Like many other Fallas traditions, the origins of the Mascletà are surely ancient but murky. What can be said without a doubt, is that pyrotechnics are very dear to the Valencian people. The region is the land of fireworks and firecrackers.
There is no occasion, no festival, no celebration, or even simple family gathering where firecrackers are not set off. And the guidelines generally follow the principle that the noisier, the better. In fact, it isn’t unusual to hear loud firecracker displays go off during weddings, baptisms, or other religious events.
Some trace the origins of this tradition back to the tracas of Almansa (a town near Valencia).
Firecrackers were mounted on wires that ran the streets of Valencia, ending in today’s Plaza del Ayuntamiento. The public - mostly men, called correfocs - ran and danced under the traca, accompanying the fire and the sequence of explosions. This happened during the Semana Fallera, between the 13th and the 19th of March.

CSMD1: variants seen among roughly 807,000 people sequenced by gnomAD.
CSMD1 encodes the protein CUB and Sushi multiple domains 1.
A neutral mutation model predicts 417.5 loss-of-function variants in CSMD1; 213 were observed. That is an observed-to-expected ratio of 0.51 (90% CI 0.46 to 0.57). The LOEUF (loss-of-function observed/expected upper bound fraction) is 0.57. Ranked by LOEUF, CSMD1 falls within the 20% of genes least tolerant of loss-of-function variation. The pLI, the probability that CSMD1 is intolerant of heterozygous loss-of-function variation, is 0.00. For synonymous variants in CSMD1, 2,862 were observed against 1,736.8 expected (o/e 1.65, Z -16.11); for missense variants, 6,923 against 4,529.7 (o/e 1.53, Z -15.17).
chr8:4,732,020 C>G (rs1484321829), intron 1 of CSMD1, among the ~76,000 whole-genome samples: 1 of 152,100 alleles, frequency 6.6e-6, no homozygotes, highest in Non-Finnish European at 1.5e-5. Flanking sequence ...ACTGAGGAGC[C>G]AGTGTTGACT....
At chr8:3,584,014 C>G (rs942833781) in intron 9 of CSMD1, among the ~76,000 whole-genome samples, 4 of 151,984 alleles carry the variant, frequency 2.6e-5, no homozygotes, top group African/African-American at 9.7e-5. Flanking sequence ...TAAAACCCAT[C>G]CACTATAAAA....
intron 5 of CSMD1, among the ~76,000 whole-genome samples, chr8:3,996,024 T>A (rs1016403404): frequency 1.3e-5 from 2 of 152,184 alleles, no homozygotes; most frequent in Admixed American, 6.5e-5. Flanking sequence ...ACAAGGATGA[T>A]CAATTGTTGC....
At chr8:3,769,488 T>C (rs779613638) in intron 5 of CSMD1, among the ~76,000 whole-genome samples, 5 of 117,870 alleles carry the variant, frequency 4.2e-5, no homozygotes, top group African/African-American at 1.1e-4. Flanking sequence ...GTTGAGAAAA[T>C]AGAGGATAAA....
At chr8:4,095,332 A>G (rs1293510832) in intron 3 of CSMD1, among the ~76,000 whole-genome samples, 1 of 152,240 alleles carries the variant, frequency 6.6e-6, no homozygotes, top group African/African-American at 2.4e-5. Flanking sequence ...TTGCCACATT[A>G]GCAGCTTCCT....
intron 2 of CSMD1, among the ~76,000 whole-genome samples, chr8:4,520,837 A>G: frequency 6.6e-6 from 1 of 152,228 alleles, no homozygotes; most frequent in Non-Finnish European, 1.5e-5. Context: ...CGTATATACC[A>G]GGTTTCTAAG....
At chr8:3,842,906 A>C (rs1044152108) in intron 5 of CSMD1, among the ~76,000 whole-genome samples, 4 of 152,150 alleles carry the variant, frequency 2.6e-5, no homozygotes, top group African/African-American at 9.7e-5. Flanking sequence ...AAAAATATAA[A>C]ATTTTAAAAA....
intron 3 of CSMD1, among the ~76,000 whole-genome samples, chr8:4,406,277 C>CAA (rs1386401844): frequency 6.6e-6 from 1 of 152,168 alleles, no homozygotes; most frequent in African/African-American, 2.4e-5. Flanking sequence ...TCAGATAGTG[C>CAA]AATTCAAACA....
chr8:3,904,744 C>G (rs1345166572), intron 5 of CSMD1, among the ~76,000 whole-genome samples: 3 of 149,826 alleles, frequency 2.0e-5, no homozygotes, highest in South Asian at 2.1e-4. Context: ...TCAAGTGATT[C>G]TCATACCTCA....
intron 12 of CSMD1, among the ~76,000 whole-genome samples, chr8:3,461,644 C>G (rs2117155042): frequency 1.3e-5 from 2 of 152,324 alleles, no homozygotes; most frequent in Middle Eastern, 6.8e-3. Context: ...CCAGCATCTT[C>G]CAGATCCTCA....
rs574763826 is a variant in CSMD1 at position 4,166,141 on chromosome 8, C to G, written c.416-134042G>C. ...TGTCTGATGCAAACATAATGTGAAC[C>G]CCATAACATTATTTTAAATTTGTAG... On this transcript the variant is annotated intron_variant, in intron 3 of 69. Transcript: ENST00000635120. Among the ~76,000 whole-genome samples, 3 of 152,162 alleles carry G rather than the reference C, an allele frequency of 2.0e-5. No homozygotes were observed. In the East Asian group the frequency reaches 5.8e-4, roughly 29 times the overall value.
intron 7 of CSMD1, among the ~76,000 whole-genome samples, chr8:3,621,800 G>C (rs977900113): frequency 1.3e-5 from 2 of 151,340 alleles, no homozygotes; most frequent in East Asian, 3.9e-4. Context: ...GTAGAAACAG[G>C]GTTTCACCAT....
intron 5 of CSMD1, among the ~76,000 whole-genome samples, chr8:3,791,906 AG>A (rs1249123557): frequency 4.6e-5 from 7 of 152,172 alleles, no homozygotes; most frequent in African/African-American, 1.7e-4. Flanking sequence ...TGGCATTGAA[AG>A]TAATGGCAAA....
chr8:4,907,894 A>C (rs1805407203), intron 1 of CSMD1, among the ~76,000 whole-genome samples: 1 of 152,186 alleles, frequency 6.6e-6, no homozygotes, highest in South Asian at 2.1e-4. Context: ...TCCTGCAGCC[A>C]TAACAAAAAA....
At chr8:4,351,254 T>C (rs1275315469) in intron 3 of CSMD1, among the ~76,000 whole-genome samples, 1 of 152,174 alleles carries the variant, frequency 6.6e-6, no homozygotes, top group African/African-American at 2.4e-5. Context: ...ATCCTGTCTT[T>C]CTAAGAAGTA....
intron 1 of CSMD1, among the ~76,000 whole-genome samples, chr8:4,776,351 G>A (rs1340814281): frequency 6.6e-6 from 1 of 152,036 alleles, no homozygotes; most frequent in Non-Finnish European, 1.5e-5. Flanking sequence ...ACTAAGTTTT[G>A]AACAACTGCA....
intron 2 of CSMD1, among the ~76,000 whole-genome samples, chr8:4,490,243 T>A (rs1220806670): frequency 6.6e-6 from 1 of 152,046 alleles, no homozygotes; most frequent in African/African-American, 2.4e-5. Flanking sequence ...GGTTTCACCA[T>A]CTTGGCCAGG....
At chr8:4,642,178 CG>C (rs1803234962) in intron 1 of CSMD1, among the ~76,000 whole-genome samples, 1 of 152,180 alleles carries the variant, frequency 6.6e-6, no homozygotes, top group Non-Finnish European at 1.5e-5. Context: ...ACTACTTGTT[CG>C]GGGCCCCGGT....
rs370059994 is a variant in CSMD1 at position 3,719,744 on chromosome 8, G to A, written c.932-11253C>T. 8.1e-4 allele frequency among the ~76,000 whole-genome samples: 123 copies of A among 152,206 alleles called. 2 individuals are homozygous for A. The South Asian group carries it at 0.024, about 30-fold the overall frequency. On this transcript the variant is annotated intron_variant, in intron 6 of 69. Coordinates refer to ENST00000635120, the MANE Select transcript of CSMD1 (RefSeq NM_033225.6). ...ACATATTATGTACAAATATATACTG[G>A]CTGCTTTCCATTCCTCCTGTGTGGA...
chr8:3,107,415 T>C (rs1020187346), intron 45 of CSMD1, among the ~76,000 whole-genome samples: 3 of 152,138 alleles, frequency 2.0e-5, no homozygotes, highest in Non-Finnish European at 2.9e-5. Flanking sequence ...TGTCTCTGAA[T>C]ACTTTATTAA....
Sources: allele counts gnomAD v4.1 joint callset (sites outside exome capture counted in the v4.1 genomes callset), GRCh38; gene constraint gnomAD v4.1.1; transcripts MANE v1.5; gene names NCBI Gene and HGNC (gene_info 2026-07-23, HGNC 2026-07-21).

Plaza del Ayuntamiento
On 11th March a form of Mascletà more similar to what we know today was established. The display stopped being a moving event, and instead, it centred around a fixed point, in Plaza del Ayuntamiento.
The Mascletà, now grown in popularity and much appreciated by the public, began being held daily from the first Monday in March.
From here onwards, the Mascletàs have been held from the 1st of March until the 19th.
End of the 20th century
The Mascletà continued to evolve in complexity and precision, especially thanks to the progress in the techniques and devices used - increasingly more electronic.
The gunpowder limit went up to 240 kg (about 530 pounds), the biggest Mascletà to date.
For safety reasons, the gunpowder limit has been set to 120 kg (about 265 pounds) per Mascletà - still a deafening quantity.